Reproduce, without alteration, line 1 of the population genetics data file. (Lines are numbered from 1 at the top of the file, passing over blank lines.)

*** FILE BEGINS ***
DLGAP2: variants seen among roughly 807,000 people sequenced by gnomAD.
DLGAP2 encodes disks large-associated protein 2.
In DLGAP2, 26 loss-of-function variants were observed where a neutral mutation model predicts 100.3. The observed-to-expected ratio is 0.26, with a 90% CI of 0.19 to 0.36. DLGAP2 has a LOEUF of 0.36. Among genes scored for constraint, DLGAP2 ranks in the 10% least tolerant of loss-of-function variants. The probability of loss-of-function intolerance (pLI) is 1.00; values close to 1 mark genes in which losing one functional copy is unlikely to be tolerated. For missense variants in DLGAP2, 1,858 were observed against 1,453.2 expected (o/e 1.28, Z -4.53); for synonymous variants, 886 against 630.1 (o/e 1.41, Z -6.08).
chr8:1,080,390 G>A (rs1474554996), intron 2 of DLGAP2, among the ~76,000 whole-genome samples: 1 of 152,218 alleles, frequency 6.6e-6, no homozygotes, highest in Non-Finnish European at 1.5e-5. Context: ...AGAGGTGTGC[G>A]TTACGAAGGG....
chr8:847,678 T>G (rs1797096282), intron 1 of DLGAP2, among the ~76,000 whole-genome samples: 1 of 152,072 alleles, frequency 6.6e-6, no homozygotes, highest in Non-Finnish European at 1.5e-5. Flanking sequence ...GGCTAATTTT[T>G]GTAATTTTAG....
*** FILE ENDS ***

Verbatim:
DLGAP2: variants seen among roughly 807,000 people sequenced by gnomAD.